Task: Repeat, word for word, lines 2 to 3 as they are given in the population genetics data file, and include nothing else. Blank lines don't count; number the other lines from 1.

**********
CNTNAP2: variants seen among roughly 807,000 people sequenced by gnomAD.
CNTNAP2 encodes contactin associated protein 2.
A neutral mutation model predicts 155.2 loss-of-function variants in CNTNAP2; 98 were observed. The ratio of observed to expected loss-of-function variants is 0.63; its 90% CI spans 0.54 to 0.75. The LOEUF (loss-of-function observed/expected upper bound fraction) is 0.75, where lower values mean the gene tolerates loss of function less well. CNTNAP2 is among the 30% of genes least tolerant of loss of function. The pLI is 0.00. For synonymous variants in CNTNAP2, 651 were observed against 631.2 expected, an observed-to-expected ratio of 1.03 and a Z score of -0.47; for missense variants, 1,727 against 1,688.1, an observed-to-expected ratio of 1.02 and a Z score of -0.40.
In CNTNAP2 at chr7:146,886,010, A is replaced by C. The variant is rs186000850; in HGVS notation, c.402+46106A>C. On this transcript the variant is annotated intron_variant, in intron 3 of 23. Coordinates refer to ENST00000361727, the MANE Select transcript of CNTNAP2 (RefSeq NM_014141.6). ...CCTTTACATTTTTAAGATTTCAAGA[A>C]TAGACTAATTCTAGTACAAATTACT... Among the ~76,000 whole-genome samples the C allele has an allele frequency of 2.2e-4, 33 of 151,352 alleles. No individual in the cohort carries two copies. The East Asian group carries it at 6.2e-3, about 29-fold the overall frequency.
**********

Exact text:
CNTNAP2 encodes contactin associated protein 2.
A neutral mutation model predicts 155.2 loss-of-function variants in CNTNAP2; 98 were observed. The ratio of observed to expected loss-of-function variants is 0.63; its 90% CI spans 0.54 to 0.75. The LOEUF (loss-of-function observed/expected upper bound fraction) is 0.75, where lower values mean the gene tolerates loss of function less well. CNTNAP2 is among the 30% of genes least tolerant of loss of function. The pLI is 0.00. For synonymous variants in CNTNAP2, 651 were observed against 631.2 expected, an observed-to-expected ratio of 1.03 and a Z score of -0.47; for missense variants, 1,727 against 1,688.1, an observed-to-expected ratio of 1.02 and a Z score of -0.40.